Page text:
Super Bowl Sorrows and Successes
Orange-and-blue-dyed fans and consistently sold-out seasons attest to Colorado’s love of the Broncos, win or lose. While the team does have a history of stellar performance during the regular season, postseason success, especially in the Super Bowl, has been hard to come by. In the 1987 showdown against the New York Giants - the Broncos’ first Super Bowl appearance with John Elway as quarterback - the team buckled, losing 39–20. The following year, in Super Bowl XXII, the Washington Redskins crushed Denver, 42–10. More Super Bowl humiliation came in 1990 with a 55–10 knockout delivered by the San Francisco 49ers.
But four previous losses on football’s biggest stage were forgiven in 1998, when the Broncos defeated the Green Bay Packers, 31–24, thanks to outstanding performances by Elway and running back Terrell Davis. Rewarded for their dogged loyalty, fans staged a giant victory parade. Hundreds of thousands lined Denver’s Seventeenth Street to cheer the hometown heroes, who waved back from atop fire engines crawling through a blizzard of confetti. But the celebration turned ugly that evening when some partying fans rioted in lower downtown. Smashed glass, rolled-over cars, scores of injuries, and a police response that depleted its supply of tear gas did not dim Broncomania.
In 1999 the Broncos again reached the Super Bowl and defeated Reeves’ Atlanta Falcons, 34–10. Mindful of the 1998 mayhem, the city did not hold a parade after the team’s second straight Super Bowl win. Thereafter, the Broncos went back to turning out stellar regular-season performances without much postseason success. The team played worse during its first ten years in the new Mile High Stadium—now called Sports Authority Field at Mile High—than it did in the old arena.
Arrival of a Legend
Hopes for another Super Bowl were renewed in 2012 with the arrival of future Hall of Fame quarterback Peyton Manning. His brilliant play calling and pinpoint passing stirred hopes that Denver would soon bring home another championship. In pursuit of his second career Super Bowl victory, Manning was at first a revelation for the Broncos, leading the team to the American Football Conference Championship game—one game shy of the Super Bowl—after the 2012 season. He followed up with a record-breaking 2013 season, after which he took the highest-ranked offense of all time to Super Bowl XLVIII. However, Broncos fans then watched in horror—but perhaps without surprise, given the team’s past Super Bowl performances—as Denver was eviscerated by the Seattle Seahawks, 43-8. Despite the Super Bowl loss, Manning’s arrival had galvanized Broncomania, with “United In Orange” becoming the official motto of the team and its fan base.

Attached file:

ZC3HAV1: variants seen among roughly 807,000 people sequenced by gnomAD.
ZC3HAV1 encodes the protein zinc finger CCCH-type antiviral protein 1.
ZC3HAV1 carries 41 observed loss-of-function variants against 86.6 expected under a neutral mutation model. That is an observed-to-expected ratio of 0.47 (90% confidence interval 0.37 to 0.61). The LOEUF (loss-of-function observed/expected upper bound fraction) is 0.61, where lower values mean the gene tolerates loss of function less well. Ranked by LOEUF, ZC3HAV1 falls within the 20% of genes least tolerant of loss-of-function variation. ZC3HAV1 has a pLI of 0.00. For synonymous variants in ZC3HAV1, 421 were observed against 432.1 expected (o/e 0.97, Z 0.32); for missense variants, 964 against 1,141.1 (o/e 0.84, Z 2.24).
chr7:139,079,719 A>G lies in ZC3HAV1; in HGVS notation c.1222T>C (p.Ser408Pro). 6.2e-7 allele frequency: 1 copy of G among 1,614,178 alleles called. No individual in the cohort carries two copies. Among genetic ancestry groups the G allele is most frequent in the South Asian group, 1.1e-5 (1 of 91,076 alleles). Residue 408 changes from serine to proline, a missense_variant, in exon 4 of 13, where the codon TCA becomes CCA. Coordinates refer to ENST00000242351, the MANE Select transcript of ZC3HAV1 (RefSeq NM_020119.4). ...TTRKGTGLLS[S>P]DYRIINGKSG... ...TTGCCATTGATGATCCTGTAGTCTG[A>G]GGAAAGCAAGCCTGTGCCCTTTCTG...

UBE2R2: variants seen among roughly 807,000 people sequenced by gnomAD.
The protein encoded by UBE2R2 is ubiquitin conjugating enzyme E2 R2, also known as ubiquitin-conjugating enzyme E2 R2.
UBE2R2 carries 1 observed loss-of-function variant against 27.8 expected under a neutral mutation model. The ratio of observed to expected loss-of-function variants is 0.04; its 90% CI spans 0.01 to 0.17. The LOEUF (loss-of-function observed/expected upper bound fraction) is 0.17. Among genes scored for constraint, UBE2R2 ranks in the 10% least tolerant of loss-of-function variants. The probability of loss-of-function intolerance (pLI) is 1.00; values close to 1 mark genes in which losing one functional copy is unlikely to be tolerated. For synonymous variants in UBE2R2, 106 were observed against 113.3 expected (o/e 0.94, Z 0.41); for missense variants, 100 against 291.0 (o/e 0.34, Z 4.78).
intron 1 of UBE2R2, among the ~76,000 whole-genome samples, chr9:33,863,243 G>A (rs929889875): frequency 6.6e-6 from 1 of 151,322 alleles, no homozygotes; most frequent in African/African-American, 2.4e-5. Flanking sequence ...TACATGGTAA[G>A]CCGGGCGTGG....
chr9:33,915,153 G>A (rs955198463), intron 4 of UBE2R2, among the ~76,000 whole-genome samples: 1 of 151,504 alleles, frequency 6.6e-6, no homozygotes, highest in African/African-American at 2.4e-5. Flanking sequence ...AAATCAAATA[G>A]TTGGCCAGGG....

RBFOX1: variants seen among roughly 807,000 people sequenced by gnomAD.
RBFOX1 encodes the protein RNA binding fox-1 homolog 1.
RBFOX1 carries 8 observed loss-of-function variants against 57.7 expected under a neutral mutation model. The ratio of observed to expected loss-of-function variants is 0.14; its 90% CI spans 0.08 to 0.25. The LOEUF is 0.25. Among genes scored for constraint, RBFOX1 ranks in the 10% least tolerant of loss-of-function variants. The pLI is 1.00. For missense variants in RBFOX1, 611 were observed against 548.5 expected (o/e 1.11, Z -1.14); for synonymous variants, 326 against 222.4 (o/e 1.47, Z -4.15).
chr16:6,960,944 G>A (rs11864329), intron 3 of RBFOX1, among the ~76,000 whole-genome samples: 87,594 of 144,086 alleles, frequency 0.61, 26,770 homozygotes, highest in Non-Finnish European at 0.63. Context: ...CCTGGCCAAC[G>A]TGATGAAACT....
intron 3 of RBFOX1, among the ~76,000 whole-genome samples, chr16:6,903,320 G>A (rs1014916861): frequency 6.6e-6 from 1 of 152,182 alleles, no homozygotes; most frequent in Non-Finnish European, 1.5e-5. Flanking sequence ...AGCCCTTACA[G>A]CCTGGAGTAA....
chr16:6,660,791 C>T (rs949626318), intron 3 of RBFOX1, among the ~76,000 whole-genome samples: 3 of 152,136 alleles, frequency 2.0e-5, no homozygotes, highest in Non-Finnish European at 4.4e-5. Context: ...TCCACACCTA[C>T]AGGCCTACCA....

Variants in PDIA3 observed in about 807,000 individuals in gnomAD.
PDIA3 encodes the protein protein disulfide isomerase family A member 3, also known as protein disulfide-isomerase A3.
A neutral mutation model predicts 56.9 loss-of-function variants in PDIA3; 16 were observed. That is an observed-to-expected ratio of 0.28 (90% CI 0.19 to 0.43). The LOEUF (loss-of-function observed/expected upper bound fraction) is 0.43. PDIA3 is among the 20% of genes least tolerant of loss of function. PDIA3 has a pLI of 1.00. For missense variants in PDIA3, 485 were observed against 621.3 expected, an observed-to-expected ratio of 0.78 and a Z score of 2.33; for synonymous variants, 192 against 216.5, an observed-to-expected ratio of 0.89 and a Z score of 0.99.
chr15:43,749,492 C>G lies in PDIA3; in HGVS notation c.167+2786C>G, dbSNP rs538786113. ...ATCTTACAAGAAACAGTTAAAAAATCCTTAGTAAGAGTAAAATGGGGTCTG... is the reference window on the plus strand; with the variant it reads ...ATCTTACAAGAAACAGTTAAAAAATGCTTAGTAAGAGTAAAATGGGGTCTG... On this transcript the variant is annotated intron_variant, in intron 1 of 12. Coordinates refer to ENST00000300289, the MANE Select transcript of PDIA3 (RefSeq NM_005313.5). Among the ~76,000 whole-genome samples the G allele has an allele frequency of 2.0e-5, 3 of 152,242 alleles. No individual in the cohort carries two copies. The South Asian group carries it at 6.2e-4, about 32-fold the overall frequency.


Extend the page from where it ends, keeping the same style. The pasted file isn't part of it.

Over the next two seasons, Manning was hampered by injuries, and in 2015 he was replaced by backup Brock Osweiler midway through the season. The team remained successful due to the stellar play of Osweiler, its above-average offensive talent, and especially its defense, which Elway spent multiple off-seasons improving. Suffering from plantar fasciitis in his foot, Manning returned in the second half of the regular-season finale to secure a win that gave Denver the top seed in the playoffs. Manning’s subsequent performances were underwhelming, but the defense—led by quarterback-pummeling linebackers Von Miller and DeMarcus Ware—carried the Broncos through the playoffs, all the way to a 24-10 win in Super Bowl 50 against the upstart Carolina Panthers. Manning retired after the victory.
In July 2016 it was announced that Sports Authority Field at Mile High will be renamed, due to Sports Authority’s declaration of bankruptcy earlier that year. As of August 2017, no new sponsors have been named.
Sports have always been a way of life in Colorado. Through them we build powerful bonds to and within our communities and find strength in ourselves. Of all the professional sports franchises the Centennial State has to offer, nothing has united fans—and driven them crazy—more than the Denver Broncos.
Parts of this article were adapted from Carl Abbott, Stephen J. Leonard, and Thomas J. Noel, Colorado: A History of the Centennial State 4th ed. (Boulder: University Press of Colorado, 2005).